Keep Supply Chain Matters as your source of continued insights in 2014 and we will convince you of why you are needed in our community, and why we need to expand career opportunities for those of you already contributing.
On the eve of the beginning of the chronological New Year, it is our time to reflect, look back and scorecard our Supply Chain Matters 2013 Predictions for Global Supply Chains which we published nearly a year ago.
Readers are welcomed to review our predictions series for 2014 which we outlined previously in a series of detailed commentaries. But now is the time to look back and reflect on what we predicted and what actually occurred in 2013.
As has been our custom, our scoring process will be based on a four point scale. Four will be the highest score, an indicator that we totally nailed the prediction. One is the lowest score, an indicator of, what on earth were we thinking? Ratings in the 2-3 range reflect that we probably had the right intent but events turned out different.
So here we go with each of the predictions we had concerning 2013:
2013 Prediction One: Yet Another Year of Global Challenges to Support Required Revenue and Profit Growth.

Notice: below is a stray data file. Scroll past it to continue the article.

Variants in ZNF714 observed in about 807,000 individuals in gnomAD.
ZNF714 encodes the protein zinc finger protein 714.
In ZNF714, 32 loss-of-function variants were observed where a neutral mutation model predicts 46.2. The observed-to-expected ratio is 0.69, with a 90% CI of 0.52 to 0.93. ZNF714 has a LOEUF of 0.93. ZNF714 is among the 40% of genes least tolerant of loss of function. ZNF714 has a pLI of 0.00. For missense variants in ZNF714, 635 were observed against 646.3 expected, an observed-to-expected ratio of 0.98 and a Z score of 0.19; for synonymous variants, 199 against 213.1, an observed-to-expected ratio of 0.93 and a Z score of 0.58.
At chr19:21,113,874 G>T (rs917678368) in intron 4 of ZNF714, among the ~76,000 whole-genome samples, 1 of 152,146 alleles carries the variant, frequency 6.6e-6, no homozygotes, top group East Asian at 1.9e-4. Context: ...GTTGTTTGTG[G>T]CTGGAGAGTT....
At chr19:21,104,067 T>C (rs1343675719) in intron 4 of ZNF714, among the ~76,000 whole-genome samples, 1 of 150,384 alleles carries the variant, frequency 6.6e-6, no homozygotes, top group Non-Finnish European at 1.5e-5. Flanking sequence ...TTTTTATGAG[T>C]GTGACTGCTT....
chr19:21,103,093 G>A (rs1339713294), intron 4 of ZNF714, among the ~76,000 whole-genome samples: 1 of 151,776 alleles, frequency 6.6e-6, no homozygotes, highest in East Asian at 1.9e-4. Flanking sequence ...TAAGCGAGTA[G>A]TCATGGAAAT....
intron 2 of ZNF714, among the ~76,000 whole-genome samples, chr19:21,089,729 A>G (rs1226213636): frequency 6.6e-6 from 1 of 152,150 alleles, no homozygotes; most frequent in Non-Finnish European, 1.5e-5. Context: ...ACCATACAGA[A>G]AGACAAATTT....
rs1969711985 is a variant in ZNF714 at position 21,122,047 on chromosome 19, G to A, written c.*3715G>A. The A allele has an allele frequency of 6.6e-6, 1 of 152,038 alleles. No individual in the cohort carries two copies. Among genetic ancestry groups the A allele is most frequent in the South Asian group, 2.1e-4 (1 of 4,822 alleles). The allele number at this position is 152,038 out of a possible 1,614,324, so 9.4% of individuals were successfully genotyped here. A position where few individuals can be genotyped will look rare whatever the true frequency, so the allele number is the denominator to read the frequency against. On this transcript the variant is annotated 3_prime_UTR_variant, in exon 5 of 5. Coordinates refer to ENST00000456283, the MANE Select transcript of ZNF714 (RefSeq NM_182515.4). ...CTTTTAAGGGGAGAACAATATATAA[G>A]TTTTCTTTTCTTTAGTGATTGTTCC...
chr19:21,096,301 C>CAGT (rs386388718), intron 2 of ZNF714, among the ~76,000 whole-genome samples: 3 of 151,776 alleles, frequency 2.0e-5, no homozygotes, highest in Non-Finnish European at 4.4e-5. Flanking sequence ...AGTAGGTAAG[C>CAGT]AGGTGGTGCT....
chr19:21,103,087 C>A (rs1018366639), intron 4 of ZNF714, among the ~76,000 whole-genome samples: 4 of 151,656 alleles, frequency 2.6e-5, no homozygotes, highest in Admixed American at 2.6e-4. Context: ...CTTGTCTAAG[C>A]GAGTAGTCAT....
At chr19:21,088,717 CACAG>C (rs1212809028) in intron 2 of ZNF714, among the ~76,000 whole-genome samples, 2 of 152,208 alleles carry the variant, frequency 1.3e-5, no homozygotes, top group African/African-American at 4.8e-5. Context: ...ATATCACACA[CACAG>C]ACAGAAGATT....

Many of our readers and clients residing in multiple industry supply chains can well attest to the constant challenges that were incurred throughout 2013.
Regarding the overall global economy, the IMF had originally projected 2013 global growth to be 3.6 percent overall, but that number was constantly adjusted downward throughout this year. The current 2013 estimate is for growth to be 2.9 percent, a considerable difference from the start of the year and a reflection of the many economic uncertainties across global markets.
Optimistic revenue and profit growth that was focused squarely on emerging market economies such as China turned out to be more challenging, since the growth in many of these sectors was more subdued. According to China’s own forecasters, that economy is expected to complete this year with overall growth of 7.6 percent, a far cry from the double-digit growth rates of past years. When we developed our predictions a year ago, both the International Monetary Fund (IMF) and the OECD predicted China’s growth rate in 2013 to be in the range of 8.2 to 8.5 percent. Growth among the Eurozone region remained rather challenging throughout the year, but finally bottomed towards the second-half. Growth in the U.S. struggled in the first half, and rebounded considerably in this current quarter.